Seven excuses when caught without a ticket on public transport

Nothing in life is certain except death, taxes and eventually hearing the words “Fahrscheine bitteee!” (Tickets, please!) while travelling on Vienna’s Public Transit. Encounters with the Schwarzkappler (Ticket collectors, lit. “black caps”), are rare, but that just contributes to their notoriety: you can ride the city’s Strassenbahnen for years without ever seeing one, yet they lurk just beneath the surface, waiting like living turnstiles to teach humility to the overconfident fare dodger. On an average day, around 100 ticket inspectors are on the road conducting 20,000 checks, often operating in packs. Their mission: To catch as many freeloaders as possible, and intimidate all others into paying the fare with their shock-and-awe tactics.

While certain websites, apps, radio stations and even the Wiener Linien themselves provide up-to-date information on where spot checks are taking place, getting busted sooner or later borders on inevitable. At the current fine of €103, schwarzfahren (fare dodging, lit. riding black) is an expensive risk to take. Sure, you could simply buy a ticket and avoid the hassle, but if you prefer to live every day on the edge, here are our Top 7 excuses when trapped in a Schwarzkappler dragnet:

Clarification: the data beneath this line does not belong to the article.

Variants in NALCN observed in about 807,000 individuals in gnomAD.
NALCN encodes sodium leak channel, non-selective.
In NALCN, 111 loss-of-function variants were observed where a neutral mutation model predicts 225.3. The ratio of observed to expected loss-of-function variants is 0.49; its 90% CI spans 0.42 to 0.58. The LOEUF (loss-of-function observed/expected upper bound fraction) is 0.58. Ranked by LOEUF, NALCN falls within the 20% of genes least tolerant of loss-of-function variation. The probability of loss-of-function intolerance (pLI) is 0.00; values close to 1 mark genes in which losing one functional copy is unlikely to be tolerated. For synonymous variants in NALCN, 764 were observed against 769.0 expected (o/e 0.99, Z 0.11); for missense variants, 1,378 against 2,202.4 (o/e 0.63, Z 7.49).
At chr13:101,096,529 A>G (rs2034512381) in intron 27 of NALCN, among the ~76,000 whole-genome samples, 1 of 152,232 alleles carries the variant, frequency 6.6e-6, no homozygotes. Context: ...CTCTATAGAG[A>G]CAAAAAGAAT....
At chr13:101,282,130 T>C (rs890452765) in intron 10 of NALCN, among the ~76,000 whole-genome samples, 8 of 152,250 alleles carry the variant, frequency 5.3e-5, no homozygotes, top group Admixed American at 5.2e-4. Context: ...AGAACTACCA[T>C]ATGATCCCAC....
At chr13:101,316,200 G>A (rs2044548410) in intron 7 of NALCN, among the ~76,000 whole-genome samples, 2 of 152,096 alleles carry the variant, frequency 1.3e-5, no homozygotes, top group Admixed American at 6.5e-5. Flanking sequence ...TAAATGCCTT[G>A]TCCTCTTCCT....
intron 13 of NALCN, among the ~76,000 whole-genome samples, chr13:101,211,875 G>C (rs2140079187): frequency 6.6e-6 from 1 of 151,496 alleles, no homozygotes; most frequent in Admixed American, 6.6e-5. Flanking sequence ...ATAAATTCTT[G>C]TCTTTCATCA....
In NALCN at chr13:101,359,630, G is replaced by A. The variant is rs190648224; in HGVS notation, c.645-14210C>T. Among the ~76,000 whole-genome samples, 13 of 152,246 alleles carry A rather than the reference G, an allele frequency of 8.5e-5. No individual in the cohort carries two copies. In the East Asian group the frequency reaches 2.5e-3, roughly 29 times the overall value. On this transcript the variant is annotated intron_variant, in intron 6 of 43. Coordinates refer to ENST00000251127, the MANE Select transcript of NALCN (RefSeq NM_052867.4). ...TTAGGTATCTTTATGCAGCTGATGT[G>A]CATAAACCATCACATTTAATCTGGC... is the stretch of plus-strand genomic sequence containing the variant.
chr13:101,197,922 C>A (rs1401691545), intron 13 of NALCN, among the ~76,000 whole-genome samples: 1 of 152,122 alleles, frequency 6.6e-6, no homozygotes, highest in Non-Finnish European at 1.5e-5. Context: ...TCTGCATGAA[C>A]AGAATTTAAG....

1. Today is my birthday. My only wish is to get a free ride.
  2. I’m working undercover for the Wiener Linien. I’m here to make sure you’re doing your work thoroughly and correctly! Looks good!
  3. My bag with my wallet and all my identification cards got stolen and I am just on my way to the next police station.
  4. An illness makes me look way older than I am. Ever heard of Benjamin Button syndrome? I am actually a first grader coming home from school. And children ride free, don’t they?
  5. I tried to get a ticket at the machine, but it swallowed all my money without printing the ticket. Can I get a refund?
  6. I got a ticket in 2005, look. I thought it´s valid for 10 years, isn´t it?
  7. I think the term Schwarzfahren is extremely racist. Why isn’t it called Schwarz-and-Weißfahren? Refusing to buy a ticket is my way of protesting against this discrimination. Boycott bigotry!

Granted, it’s unlikely these excuses will mollify the transit furies, but they are certainly more entertaining than playing the old “I am a foreigner. I don’t understand what you’re saying” card.

Info sites on ticket controls in progress:

Wiener Linien

Schwarzkappler (the ticket collectors)

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